Protectionism, Trade Wars, and the Emerging Markets

A few days after President Trump won the November 2016 elections, and when emerging-market (EM) risk assets saw declines due to concerns related to protectionism, we shared some thoughts with our team in an internal memo. Below we re-purpose those thoughts, with only minor edits for clarity purposes. The parenthetical comments/observations are based on more current analysis and/or data. We often refer to what we thought and wrote in the past, in part to assess whether our view has changed and, if it has, why it has changed. This helps us revisit our original thesis and stay intellectually honest about what we know and cannot know. If nothing material has changed then it would once again highlight the fact that macro developments most often don’t really impact longer-term cash flows at the company level. But we want to make sure we are always analyzing and questioning our views and factoring in new data and analysis.

The relative behavior of EM is not a surprise and to some extent is warranted given Trump’s protectionist leanings. There’s no reason why we should assume he will behave materially different from what he has said he believes in, especially given the Congress is in Republican control. So, protectionism and de-globalization—these forces have been rearing their head since the GFC, as some commentators have argued, but they may be intensifying now—may be part of our investment environment in the future, although we can’t be certain it will be; Trump may not be able to enact the policies the way he wants to. While protectionism is a negative in our view for emerging markets, as it will be for most if not all risk assets, there are some offsetting factors when it comes to the EM allocation in our portfolios.

Protectionism may impact US companies, especially the larger ones, more negatively than EM companies. This is because US corporations have benefited tremendously, in our opinion, from free trade and globalization via access to cheaper labor and efficient and cost-effective global supply chains. This effect can be seen in the historically high margins US companies have achieved in the past decade-plus.

[More recently, we saw another data point. According to Capital Economics, in 2015—the latest year for which data have been published—the sales of the major foreign affiliates of US multinational corporations in China exceeded $350 billion. This number was roughly China’s goods trade surplus with the United States last year, a fact that irritates the Trump administration. But in a full-blown trade war, unwinding US companies’ investments in China will be extremely difficult, we hazard to guess! China’s exposure in the United States through its foreign affiliates is only a small fraction of this number. US companies’ linkage with China and the rest of the world is an important reason why we believe the likelihood of a full-blown trade war is relatively small. It could happen, though, given there are so many other variables that can impact outcomes: we just cannot be sure. But if the likely case plays out, then investors’ concerns about global growth should abate in our view. That said, the longer trade-war fears loom, the greater the risk this business cycle ends prematurely and we enter a recession sooner than we would have without these fears.]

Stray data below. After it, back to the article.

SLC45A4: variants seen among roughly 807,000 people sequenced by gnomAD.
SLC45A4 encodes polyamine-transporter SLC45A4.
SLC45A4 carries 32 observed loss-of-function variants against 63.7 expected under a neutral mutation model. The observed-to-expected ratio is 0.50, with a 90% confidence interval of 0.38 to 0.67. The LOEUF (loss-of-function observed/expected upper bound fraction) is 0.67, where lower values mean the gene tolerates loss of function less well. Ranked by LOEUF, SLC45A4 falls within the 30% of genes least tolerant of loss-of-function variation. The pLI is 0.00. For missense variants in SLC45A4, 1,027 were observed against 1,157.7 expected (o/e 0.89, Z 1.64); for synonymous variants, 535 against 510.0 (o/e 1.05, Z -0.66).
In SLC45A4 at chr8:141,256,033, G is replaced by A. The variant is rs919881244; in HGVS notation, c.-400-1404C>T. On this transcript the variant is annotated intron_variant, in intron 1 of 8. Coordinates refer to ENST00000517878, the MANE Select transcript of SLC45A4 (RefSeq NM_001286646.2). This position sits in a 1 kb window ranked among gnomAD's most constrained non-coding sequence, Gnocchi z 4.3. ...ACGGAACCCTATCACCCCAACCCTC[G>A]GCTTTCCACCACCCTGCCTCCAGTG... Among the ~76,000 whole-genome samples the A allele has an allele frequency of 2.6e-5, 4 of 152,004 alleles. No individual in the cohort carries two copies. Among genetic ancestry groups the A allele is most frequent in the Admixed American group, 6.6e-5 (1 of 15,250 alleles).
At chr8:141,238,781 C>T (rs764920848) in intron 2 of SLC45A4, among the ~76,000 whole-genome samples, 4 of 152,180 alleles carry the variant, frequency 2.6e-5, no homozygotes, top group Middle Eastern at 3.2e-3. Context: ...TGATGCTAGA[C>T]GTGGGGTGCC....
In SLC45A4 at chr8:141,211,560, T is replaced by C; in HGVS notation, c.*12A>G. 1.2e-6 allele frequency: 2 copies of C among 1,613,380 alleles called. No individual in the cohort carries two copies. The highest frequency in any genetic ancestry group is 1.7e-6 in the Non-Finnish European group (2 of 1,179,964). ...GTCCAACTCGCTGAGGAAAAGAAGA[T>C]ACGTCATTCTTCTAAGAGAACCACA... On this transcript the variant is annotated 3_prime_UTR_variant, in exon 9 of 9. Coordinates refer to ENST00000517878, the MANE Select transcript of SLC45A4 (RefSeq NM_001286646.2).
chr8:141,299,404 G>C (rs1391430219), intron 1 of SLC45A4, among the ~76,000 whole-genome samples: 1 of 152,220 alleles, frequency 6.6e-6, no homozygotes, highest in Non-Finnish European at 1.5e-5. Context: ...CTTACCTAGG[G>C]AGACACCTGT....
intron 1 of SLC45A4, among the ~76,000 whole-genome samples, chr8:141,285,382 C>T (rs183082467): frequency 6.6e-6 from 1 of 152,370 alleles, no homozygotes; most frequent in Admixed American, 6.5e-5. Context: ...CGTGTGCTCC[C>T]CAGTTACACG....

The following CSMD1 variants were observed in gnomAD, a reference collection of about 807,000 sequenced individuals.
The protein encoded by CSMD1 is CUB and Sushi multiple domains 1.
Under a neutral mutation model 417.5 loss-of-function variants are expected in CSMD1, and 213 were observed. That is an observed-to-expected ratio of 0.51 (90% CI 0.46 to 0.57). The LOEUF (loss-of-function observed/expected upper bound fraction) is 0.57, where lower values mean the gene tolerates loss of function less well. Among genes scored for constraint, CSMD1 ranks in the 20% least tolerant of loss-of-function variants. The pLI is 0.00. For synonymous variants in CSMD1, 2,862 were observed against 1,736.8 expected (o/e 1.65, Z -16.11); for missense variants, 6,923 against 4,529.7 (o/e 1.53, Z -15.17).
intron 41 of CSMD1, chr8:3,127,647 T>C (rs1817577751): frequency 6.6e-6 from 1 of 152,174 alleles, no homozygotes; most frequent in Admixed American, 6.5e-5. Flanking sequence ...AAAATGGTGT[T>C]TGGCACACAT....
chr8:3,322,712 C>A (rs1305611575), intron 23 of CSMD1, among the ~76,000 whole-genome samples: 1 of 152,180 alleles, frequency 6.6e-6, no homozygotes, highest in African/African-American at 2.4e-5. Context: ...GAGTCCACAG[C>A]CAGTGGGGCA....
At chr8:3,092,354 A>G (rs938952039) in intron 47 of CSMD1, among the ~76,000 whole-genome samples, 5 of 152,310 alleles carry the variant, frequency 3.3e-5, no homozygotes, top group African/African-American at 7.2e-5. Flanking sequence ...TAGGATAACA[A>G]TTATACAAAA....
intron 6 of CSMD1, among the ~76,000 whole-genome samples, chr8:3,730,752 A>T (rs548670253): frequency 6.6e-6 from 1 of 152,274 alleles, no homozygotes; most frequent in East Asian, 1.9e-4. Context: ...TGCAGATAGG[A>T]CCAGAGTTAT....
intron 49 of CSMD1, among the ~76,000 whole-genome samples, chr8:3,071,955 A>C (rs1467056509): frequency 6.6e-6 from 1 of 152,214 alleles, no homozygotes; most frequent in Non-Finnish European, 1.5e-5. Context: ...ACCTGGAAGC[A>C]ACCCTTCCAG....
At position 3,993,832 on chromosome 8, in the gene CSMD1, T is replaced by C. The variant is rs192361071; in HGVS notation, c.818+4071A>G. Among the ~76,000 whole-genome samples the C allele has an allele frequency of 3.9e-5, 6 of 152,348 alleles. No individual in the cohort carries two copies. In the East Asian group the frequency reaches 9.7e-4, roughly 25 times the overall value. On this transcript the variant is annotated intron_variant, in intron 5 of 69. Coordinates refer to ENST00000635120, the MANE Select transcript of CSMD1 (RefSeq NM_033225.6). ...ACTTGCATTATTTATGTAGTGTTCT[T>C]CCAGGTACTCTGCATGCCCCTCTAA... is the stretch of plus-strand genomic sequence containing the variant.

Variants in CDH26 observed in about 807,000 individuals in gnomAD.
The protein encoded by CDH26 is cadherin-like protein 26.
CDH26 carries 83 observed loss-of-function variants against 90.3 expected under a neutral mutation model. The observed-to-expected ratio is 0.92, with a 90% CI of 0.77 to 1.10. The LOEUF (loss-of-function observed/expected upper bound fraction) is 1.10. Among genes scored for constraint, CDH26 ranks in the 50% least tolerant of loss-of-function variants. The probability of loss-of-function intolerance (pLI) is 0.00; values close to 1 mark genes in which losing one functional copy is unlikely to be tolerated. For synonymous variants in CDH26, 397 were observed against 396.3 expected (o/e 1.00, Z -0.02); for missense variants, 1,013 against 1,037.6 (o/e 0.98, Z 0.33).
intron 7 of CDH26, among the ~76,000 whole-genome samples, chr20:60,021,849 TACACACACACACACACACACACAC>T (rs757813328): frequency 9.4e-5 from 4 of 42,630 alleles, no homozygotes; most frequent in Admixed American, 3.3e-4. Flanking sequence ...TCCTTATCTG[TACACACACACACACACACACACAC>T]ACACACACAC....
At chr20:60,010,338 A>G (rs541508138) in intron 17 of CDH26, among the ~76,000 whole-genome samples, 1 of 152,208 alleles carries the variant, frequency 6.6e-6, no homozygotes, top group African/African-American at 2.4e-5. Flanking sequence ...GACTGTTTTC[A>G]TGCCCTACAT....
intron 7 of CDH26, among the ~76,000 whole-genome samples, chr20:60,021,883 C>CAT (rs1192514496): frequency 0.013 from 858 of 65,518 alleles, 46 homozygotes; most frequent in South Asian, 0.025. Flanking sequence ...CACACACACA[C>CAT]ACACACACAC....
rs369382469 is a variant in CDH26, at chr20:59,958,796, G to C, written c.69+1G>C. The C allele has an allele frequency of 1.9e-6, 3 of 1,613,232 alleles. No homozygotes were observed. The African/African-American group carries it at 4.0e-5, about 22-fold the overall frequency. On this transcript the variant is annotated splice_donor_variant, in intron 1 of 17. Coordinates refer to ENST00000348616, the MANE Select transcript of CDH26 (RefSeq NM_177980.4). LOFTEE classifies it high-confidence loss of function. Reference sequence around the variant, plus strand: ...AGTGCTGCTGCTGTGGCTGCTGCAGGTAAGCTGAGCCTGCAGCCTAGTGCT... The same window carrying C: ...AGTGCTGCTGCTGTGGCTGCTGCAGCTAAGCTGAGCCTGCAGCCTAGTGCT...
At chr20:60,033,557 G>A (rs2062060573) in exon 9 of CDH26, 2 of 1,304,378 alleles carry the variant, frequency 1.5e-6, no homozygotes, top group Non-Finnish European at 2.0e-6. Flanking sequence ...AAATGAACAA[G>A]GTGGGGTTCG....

Regarding our current small tactical overweight in EM stocks, first, to some extent some of the concerns have already been priced in. Also, US stocks are expensive relative to EM stocks, and that gives us a margin of safety, at least when we look out over the intermediate- to long-term horizon. So, at this point we are not thinking of unwinding our EM fat pitch, although we will obviously be monitoring developments.

Fast forward to the present and we don’t find the need to change the view we shared internally with our research and client-facing teams in November 2016. Then too protectionism and its impact on emerging markets was a concern in investors’ minds, but those concerns abated and last year EM stocks outperformed US stocks significantly. Now those concerns have reared their heads again. We think they are likely to abate this time too. The fact remains it’s in both the United States’ and China’s interest to negotiate and prevent this trade tussle from becoming an all-out trade war.